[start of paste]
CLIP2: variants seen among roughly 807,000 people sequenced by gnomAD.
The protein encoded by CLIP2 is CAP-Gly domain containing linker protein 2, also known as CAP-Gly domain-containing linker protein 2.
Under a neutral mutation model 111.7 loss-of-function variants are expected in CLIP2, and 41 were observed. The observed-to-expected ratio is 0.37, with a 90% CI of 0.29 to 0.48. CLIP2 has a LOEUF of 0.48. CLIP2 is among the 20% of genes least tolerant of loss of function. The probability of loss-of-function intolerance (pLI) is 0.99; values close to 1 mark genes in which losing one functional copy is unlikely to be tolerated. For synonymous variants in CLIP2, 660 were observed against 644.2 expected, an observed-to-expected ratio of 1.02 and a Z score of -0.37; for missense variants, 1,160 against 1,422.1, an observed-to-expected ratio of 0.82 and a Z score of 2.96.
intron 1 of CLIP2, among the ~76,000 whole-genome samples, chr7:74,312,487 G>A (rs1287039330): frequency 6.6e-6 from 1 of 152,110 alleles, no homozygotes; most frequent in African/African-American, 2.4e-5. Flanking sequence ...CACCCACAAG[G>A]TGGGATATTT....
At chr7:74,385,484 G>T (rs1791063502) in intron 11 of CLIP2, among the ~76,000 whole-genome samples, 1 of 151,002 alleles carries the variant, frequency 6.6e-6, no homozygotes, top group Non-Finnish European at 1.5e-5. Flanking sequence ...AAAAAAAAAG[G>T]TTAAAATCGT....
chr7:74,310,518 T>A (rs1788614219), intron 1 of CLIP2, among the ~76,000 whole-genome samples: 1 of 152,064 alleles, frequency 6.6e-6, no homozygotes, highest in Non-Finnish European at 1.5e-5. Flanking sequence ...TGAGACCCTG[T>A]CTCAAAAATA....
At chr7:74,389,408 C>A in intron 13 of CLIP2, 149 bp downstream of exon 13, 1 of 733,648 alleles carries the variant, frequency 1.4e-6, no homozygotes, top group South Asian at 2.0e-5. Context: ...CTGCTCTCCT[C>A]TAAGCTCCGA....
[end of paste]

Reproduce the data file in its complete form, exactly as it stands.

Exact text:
CLIP2: variants seen among roughly 807,000 people sequenced by gnomAD.
The protein encoded by CLIP2 is CAP-Gly domain containing linker protein 2, also known as CAP-Gly domain-containing linker protein 2.
Under a neutral mutation model 111.7 loss-of-function variants are expected in CLIP2, and 41 were observed. The observed-to-expected ratio is 0.37, with a 90% CI of 0.29 to 0.48. CLIP2 has a LOEUF of 0.48. CLIP2 is among the 20% of genes least tolerant of loss of function. The probability of loss-of-function intolerance (pLI) is 0.99; values close to 1 mark genes in which losing one functional copy is unlikely to be tolerated. For synonymous variants in CLIP2, 660 were observed against 644.2 expected, an observed-to-expected ratio of 1.02 and a Z score of -0.37; for missense variants, 1,160 against 1,422.1, an observed-to-expected ratio of 0.82 and a Z score of 2.96.
intron 1 of CLIP2, among the ~76,000 whole-genome samples, chr7:74,312,487 G>A (rs1287039330): frequency 6.6e-6 from 1 of 152,110 alleles, no homozygotes; most frequent in African/African-American, 2.4e-5. Flanking sequence ...CACCCACAAG[G>A]TGGGATATTT....
At chr7:74,385,484 G>T (rs1791063502) in intron 11 of CLIP2, among the ~76,000 whole-genome samples, 1 of 151,002 alleles carries the variant, frequency 6.6e-6, no homozygotes, top group Non-Finnish European at 1.5e-5. Flanking sequence ...AAAAAAAAAG[G>T]TTAAAATCGT....
chr7:74,310,518 T>A (rs1788614219), intron 1 of CLIP2, among the ~76,000 whole-genome samples: 1 of 152,064 alleles, frequency 6.6e-6, no homozygotes, highest in Non-Finnish European at 1.5e-5. Flanking sequence ...TGAGACCCTG[T>A]CTCAAAAATA....
At chr7:74,389,408 C>A in intron 13 of CLIP2, 149 bp downstream of exon 13, 1 of 733,648 alleles carries the variant, frequency 1.4e-6, no homozygotes, top group South Asian at 2.0e-5. Context: ...CTGCTCTCCT[C>A]TAAGCTCCGA....